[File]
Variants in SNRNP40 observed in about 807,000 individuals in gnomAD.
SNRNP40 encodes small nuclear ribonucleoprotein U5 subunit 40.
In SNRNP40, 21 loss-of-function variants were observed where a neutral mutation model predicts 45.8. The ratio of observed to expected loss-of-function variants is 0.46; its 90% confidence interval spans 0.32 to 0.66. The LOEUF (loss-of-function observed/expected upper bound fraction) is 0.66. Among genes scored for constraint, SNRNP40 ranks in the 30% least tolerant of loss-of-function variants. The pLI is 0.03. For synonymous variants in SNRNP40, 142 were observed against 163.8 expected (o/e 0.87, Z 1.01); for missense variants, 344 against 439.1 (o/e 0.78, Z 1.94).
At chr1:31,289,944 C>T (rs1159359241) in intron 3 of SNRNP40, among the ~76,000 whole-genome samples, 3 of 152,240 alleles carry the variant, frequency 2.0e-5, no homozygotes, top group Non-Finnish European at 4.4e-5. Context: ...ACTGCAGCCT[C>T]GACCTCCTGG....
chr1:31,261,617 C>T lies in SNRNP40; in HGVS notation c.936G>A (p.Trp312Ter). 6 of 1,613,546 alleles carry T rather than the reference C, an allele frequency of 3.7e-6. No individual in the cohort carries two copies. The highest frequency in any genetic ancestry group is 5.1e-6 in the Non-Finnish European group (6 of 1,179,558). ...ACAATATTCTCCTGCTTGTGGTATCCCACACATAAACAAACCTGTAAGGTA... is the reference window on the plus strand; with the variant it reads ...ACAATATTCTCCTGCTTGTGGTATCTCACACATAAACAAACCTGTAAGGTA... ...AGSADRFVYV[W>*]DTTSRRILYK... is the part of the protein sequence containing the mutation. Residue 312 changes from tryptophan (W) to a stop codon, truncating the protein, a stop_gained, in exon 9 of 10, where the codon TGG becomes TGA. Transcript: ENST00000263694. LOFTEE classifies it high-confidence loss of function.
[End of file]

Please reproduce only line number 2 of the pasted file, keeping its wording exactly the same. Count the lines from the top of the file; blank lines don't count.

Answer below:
SNRNP40 encodes small nuclear ribonucleoprotein U5 subunit 40.